The goal of the research proposed in this application is to explore the mechanisms that underpin antigen receptor gene rearrangement. The antigen receptor loci are organized in distinct domains that contain multiple variable (VH), diversity (DH) joining (JH) and constant (CH) coding elements. To probe the topography of the Igh locus, we as well as others, have determined the spatial distances separating genomic markers that span the entire locus. The spatial distance measurements were compared to computer simulations of distinct chromatin topologies. These studies predicted that the Igh locus is structured into domains consisting of clusters of loops. Using computational geometric approaches we showed that the Igh locus is organized as individual domains that merge upon commitment to the B cell fate. More recent observations have identified potential anchors, proposed to sequester the proximal variable coding elements to lie in orbit at the base of a rosette, surrounding the DHJH coding element complexed to the recombinase. Taken together, these studies have suggested that during early B cell development, the entire repertoire of VH regions (2.5 Mbp) is merged and juxtaposed to the DH elements, allowing the VH regions to encounter DHJH coding elements with relatively high and similar frequencies. Here we propose to continue these studies and determine the spectrum of 3D-conformations of the Igh locus adopted by the Igh locus fiber during the developmental progression of B cell progenitors. We would describe at high resolution the trajectories adopted by the Igh locus in interphase chromatin. We would examine how the topology of the Igh locus fiber is regulated during developmental progression. We would examine how VH regions separated by large genomic distances have equal opportunities to encounter DHJH elements in developing B cell progenitors. In summary, these studies would provide mechanistic insight into how antibody diversity is generated.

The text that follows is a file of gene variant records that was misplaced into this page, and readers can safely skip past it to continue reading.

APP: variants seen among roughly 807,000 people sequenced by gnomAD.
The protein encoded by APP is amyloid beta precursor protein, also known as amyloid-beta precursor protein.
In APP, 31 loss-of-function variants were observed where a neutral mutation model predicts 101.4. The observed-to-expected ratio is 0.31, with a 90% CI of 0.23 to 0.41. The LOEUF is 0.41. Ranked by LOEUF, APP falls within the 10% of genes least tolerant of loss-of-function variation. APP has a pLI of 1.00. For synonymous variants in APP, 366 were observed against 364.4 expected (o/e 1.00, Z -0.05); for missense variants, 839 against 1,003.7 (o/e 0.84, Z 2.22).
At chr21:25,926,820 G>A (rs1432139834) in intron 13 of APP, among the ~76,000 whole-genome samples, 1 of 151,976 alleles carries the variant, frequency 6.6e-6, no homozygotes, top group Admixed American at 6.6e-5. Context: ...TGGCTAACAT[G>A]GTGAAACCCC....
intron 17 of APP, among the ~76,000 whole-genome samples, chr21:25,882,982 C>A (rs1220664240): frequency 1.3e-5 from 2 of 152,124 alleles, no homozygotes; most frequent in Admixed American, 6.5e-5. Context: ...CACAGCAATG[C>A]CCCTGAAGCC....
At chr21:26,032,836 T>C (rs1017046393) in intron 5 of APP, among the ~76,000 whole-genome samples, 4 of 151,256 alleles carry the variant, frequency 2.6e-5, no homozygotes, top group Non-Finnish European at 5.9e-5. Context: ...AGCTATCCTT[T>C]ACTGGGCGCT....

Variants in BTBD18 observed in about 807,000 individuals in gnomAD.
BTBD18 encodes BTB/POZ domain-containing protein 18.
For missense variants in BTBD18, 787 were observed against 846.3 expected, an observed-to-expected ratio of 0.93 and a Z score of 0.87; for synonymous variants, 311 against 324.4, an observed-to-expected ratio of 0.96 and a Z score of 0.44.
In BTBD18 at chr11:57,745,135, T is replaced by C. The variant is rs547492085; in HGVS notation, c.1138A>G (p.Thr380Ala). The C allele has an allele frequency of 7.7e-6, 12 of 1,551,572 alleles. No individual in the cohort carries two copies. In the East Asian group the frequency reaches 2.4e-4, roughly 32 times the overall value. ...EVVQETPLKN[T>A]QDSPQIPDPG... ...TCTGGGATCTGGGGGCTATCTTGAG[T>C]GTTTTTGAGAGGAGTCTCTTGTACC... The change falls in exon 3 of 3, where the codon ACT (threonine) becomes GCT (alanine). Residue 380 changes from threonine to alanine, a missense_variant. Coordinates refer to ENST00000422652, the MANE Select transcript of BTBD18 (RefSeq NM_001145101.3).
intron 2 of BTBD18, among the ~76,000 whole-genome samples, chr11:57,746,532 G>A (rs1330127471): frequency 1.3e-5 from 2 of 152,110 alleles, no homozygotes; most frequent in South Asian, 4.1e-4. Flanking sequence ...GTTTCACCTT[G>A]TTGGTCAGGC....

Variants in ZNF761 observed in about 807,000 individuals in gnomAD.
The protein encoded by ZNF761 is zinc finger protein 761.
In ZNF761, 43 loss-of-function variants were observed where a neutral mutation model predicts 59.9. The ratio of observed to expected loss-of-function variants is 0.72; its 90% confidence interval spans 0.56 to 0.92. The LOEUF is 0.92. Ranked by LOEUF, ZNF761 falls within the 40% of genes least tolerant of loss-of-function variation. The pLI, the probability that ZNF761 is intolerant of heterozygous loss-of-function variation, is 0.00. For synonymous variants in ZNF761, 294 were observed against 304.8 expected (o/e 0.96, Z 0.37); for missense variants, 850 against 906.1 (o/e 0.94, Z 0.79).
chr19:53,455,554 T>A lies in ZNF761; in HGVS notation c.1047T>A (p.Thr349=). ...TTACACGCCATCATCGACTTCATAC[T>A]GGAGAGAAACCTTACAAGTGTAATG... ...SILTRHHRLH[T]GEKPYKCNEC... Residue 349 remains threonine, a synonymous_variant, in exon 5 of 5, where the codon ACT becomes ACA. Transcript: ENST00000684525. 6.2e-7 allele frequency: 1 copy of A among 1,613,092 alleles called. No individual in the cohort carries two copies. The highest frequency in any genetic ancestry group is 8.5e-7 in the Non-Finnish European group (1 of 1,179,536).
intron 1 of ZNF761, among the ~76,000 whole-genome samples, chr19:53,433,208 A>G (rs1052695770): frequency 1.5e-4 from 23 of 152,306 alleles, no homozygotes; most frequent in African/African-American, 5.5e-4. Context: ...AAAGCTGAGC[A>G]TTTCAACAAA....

Recent studies have demonstrated that the antigen receptor loci are organized as clusters of loops. The studies proposed in this application are aimed to provide insight into how genome topology allows the generation of a diverse antigen receptor repertoire in order to mount an efficient and rapid immune response to invading pathogens.
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